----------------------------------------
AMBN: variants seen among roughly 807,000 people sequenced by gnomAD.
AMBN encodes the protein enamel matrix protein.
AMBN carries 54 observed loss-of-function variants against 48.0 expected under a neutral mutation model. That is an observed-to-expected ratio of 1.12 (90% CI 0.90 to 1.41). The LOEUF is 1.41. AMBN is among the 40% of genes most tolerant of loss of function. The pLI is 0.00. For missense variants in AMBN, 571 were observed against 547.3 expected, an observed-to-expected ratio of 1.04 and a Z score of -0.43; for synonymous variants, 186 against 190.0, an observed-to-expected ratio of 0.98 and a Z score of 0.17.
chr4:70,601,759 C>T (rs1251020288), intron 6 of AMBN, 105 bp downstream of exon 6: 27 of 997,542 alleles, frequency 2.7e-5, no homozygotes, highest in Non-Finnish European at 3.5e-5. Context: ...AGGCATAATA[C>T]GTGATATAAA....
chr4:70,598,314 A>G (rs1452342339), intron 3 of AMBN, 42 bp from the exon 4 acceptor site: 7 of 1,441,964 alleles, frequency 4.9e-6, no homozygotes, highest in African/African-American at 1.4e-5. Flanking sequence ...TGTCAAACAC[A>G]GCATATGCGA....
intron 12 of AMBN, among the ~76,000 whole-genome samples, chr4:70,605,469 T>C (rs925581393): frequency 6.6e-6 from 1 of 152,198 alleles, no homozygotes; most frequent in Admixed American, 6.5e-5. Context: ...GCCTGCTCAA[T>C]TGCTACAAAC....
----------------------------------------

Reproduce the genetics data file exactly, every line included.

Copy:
AMBN: variants seen among roughly 807,000 people sequenced by gnomAD.
AMBN encodes the protein enamel matrix protein.
AMBN carries 54 observed loss-of-function variants against 48.0 expected under a neutral mutation model. That is an observed-to-expected ratio of 1.12 (90% CI 0.90 to 1.41). The LOEUF is 1.41. AMBN is among the 40% of genes most tolerant of loss of function. The pLI is 0.00. For missense variants in AMBN, 571 were observed against 547.3 expected, an observed-to-expected ratio of 1.04 and a Z score of -0.43; for synonymous variants, 186 against 190.0, an observed-to-expected ratio of 0.98 and a Z score of 0.17.
chr4:70,601,759 C>T (rs1251020288), intron 6 of AMBN, 105 bp downstream of exon 6: 27 of 997,542 alleles, frequency 2.7e-5, no homozygotes, highest in Non-Finnish European at 3.5e-5. Context: ...AGGCATAATA[C>T]GTGATATAAA....
chr4:70,598,314 A>G (rs1452342339), intron 3 of AMBN, 42 bp from the exon 4 acceptor site: 7 of 1,441,964 alleles, frequency 4.9e-6, no homozygotes, highest in African/African-American at 1.4e-5. Flanking sequence ...TGTCAAACAC[A>G]GCATATGCGA....
intron 12 of AMBN, among the ~76,000 whole-genome samples, chr4:70,605,469 T>C (rs925581393): frequency 6.6e-6 from 1 of 152,198 alleles, no homozygotes; most frequent in Admixed American, 6.5e-5. Context: ...GCCTGCTCAA[T>C]TGCTACAAAC....